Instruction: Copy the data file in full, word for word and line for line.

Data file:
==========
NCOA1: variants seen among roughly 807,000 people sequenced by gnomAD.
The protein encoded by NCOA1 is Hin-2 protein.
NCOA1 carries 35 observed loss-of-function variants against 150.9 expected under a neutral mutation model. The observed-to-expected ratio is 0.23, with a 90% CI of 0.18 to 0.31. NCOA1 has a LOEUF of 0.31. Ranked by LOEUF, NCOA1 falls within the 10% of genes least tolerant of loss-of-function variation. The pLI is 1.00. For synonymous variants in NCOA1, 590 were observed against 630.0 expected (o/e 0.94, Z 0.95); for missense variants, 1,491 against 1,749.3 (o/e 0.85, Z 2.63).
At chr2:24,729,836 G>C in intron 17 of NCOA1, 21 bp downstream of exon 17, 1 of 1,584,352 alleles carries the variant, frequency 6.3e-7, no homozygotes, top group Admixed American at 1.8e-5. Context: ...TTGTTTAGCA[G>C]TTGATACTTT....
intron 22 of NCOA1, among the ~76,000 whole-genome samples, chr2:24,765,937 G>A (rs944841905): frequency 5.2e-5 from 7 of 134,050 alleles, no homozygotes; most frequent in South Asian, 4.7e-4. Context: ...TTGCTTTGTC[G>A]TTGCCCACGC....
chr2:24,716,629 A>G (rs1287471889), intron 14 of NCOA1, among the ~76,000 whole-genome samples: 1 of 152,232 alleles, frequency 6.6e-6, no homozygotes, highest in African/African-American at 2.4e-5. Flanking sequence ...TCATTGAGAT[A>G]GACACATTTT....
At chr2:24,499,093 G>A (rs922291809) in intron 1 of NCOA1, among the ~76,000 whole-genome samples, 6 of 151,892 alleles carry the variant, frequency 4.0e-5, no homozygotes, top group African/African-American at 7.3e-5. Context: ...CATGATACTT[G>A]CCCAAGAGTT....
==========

NCOA1: variants seen among roughly 807,000 people sequenced by gnomAD.
The protein encoded by NCOA1 is Hin-2 protein.
NCOA1 carries 35 observed loss-of-function variants against 150.9 expected under a neutral mutation model. The observed-to-expected ratio is 0.23, with a 90% CI of 0.18 to 0.31. NCOA1 has a LOEUF of 0.31. Ranked by LOEUF, NCOA1 falls within the 10% of genes least tolerant of loss-of-function variation. The pLI is 1.00. For synonymous variants in NCOA1, 590 were observed against 630.0 expected (o/e 0.94, Z 0.95); for missense variants, 1,491 against 1,749.3 (o/e 0.85, Z 2.63).
At chr2:24,729,836 G>C in intron 17 of NCOA1, 21 bp downstream of exon 17, 1 of 1,584,352 alleles carries the variant, frequency 6.3e-7, no homozygotes, top group Admixed American at 1.8e-5. Context: ...TTGTTTAGCA[G>C]TTGATACTTT....
intron 22 of NCOA1, among the ~76,000 whole-genome samples, chr2:24,765,937 G>A (rs944841905): frequency 5.2e-5 from 7 of 134,050 alleles, no homozygotes; most frequent in South Asian, 4.7e-4. Context: ...TTGCTTTGTC[G>A]TTGCCCACGC....
chr2:24,716,629 A>G (rs1287471889), intron 14 of NCOA1, among the ~76,000 whole-genome samples: 1 of 152,232 alleles, frequency 6.6e-6, no homozygotes, highest in African/African-American at 2.4e-5. Flanking sequence ...TCATTGAGAT[A>G]GACACATTTT....
At chr2:24,499,093 G>A (rs922291809) in intron 1 of NCOA1, among the ~76,000 whole-genome samples, 6 of 151,892 alleles carry the variant, frequency 4.0e-5, no homozygotes, top group African/African-American at 7.3e-5. Context: ...CATGATACTT[G>A]CCCAAGAGTT....